Appearing as a "Christmas star", the "great conjunction" happens next Monday, December 21, which also happens to be the Winter Solstice, marking the start of the winter season. With the conjunction falling just a few days before Christmas, expect the annual discussion of "what was the star of Bethlehem?" to come to the fore once again... though biblical and historical references to the actual event are so scant, we'll probably never truly know for sure. The celestial event, also known as the "Christmas Star", hasn't occurred at night for nearly 800 years. And this conjunction of the two planets is the closest since 1623, making it a "great conjunction" - though that event wasn't visible as they were too close to the sun.
The planets will be bright enough to be seen at dusk, which may be the best time for many American viewers to notice the merger. The planets are getting closer every day until the historical conjunction on December 21, 2020.
But, if you do have the equipment you'll be able to zoom in and "watch the dance of Jupiter's four moons - Europa, Io, Callisto and Ganymede".
If you have a keen eye, you may have noticed two fairly bright objects resembling stars low in the western sky after sunset inching closer together over the past month. It will seem to be one because Jupiter and Saturn are going to appear so closely together that they'll look like one bright object. "The date of the conjunction is determined by the positions of Jupiter, Saturn, and the Earth in their paths around the Sun, while the date of the solstice is determined by the tilt of Earth's axis". A cool 800 years.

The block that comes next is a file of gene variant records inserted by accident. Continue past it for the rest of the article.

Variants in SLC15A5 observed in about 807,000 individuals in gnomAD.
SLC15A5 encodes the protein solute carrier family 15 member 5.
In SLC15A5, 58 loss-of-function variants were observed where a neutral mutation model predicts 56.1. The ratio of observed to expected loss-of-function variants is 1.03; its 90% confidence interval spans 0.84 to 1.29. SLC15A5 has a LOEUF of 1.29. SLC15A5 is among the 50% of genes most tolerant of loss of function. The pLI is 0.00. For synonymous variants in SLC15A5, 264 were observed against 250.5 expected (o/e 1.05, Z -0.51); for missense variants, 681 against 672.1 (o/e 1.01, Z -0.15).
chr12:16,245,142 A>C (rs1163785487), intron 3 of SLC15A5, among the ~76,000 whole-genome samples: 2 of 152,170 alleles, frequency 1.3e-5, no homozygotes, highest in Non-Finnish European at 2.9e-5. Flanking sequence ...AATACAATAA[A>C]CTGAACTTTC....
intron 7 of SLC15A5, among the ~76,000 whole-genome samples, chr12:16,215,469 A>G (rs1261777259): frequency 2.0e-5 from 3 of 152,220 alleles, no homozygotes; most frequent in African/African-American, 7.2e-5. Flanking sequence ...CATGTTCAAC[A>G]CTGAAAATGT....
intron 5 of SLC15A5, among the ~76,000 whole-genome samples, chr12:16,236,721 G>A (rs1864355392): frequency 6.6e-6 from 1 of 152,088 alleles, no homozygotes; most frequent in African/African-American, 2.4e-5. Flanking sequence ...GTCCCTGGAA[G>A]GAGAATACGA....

We will use your email address only for sending you newsletters.
The movement of Jupiter and Saturn in our sky from December 12-30 if viewing from the Northern Hemisphere.
USA approves use of Pfizer-BioNTech vaccine for pilots, controllers
Kevin Smith, president and chief executive of the University Health Network's Michener Institute, where the shot was administered. Another vaccine by Moderna will be reviewed by an expert panel next week and soon afterwards could be allowed for public use.
Waldron said the last time Jupiter and Saturn were this close in our line of sight was in the 1600s.
According to Astronomy.com, you won't need binoculars or a telescope to see it.
Some will call it the Christmas Star, others will refer to it as the Great Conjuction of 2020. The last Great Conjunction was in May 2000, but it was hard to see due to its position in the sky.
"You can imagine each of the solar planets as a runner in their own orbit, with the Earth orbiting the center of the arena", said astronomer Henry Troop at NASA's headquarters in NASA's Headquarters.
Other theories are a supernova explosion reasonably close - that could appear like a very very bright sky for a relatively short period, or even a comet. More than this and the Earth's rotation will smear out the planets and stars.
Between 0 and 3000 AD, or in the Common Era, only seven connections were closer than this - or two of them were so close to the sun that Hardigan says it could not be seen without a telescope.